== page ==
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Fairly Trained Certifies First Ethically Trained Large Language Model: Self-Publishing News Podcast With Dan Holloway

Fairly Trained Certifies First Ethically Trained Large Language Model: Self-Publishing News Podcast with Dan Holloway

In this episode of the Self-Publishing News Podcast, Dan Holloway brings attention to Fairly Trained, the first platform to certify ethically trained large language models, highlighting a major advancement in AI ethics. Dan also explores HarperCollins' innovative environmental efforts in reducing paper usage through font changes and the carbon footprint disparities between print and audiobooks. Additionally, he discusses the new partnership between Draft2Digital and the social reading app Fable, a development that offers fresh opportunities for authors to connect with readers.

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Listen to Self-Publishing News: Fairly Trained

On the Self-Publishing News podcast, @agnieszkasshoes brings attention to @fairlytrained, the first platform to certify ethically trained large language models. Click To Tweet

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About the Host

Dan Holloway is a novelist, poet, and spoken word artist. He is the MC of the performance arts show The New Libertines, He competed at the National Poetry Slam final at the Royal Albert Hall. His latest collection, The Transparency of Sutures, is available on Kindle.

Read the Transcripts to Self-Publishing News: Fairly Trained

Dan Holloway: Hello and welcome to another self-publishing news podcast from here in Oxford on a very stormy day. We've had a weekend of storms. Let's see if the news is as stormy as that has been.

Changing Font in Print Books Saves 5,000 Trees

Here's a way to segue in. So, one of the things that we've noticed over the last weekend with Storm Kathleen, has been the downing of a number of trees, which leads me perfectly on to the question of the environmental impact of the publishing industry.

So, one of the really interesting things I came across on LinkedIn was a story that HarperCollins had been running some experiments about fonts, and it seems that what they have managed to do is they have managed to save, I think it was something like 5,000 trees, by changing the font size, or not the font size, but the actual font that they use in a number of their books.

Traditionally, they have used the font, Bembo, and they have changed this to my favourite font, which is the one that I use in my paperbacks, which is Garamond Pro. As a result, they have been able to get considerably more words on a line, and words on a page, and as a result, they have saved, I think they used the example of their Bible printing division, have managed to save something like 200 pages per Bible, and that has led them to save, I think they said, a total of something like 100 million pages over the course of a year, and that in turn has led to the saving of several thousand forests. So, fascinating little insight into the things we can do to lower our environmental impact.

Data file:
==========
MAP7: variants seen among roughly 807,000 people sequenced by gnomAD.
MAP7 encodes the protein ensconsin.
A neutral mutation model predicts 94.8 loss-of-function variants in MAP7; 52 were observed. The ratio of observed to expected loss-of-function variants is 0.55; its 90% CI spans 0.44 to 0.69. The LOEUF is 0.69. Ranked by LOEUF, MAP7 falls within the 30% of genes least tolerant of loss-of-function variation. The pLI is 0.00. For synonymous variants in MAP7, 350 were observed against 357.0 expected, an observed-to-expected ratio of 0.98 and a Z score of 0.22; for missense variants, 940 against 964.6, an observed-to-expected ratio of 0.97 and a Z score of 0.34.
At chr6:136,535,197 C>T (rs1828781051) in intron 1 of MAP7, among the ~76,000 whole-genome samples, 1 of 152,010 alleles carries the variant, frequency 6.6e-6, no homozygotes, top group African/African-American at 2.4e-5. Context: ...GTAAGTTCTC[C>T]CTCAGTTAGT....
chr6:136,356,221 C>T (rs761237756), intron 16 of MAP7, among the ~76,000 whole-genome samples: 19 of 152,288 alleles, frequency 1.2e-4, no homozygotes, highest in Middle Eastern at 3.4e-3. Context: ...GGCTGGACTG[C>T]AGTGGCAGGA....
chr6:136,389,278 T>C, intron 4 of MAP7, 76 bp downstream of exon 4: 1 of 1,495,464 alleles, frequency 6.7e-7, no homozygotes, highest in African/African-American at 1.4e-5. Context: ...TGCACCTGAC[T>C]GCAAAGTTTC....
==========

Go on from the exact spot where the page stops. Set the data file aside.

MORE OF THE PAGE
Of course, as we are very aware of the cost of self-publishing and in particular, the cost of print on demand, the idea that we could save a significant number of pages will help us to make our books more competitive.

Storytel Report Reveals Environmental Impact of Audiobooks

I also mentioned audiobooks. Audiobooks are one of those things we don't really hear much about when it comes to environmental impact. We hear very little, in fact, about digital books in general. So, it was really interesting to read the 2023 report from Storytel, which came out, and Storytel, obviously, it's the big subscription service that comes out of Sweden.

They also do print books, so it's really interesting they have got some comparisons between the environmental impact of their print books and their audiobooks. The raw figures are that a print book produces for them 344 grams of carbon. An hour of listening to an audio book costs 2.3 grams, which take a relatively long audiobook, 10 hours, that's still 15 times less carbon for an audiobook than there is for a print book.

How that carbon is broken down, also really interesting. For print books, as you would imagine, a lot of it comes from the paper. So, 43 percent comes from the production of the paper. A further 11 percent comes from the printing process, and the largest contributing factor, I don't think this is any surprise, is transportation.

Digital books, this is really interesting, because we think of digital as being really data intensive. In particular, we've talked a lot about AI and blockchain and the fact that they are really data intensive technologies. We think of streaming as being really data intensive, I think, because we think of video services like Netflix and increasing high definition. So, 4k streaming, we know it's massive amounts of data, it's really energy intensive.

But for audiobooks, it seems it's a really interesting set of figures. So, 11 percent of the 23 grams of carbon per 10 hours of listening comes from Storytel's servers. So, the servers where the data are stored. Storytel use Google cloud, and they explain that one of the reasons they do that is because of Google's zero carbon by 2030 pledge. 34 percent comes from transmitting the data, but a whopping 55 percent of it comes from the devices that are receiving the data.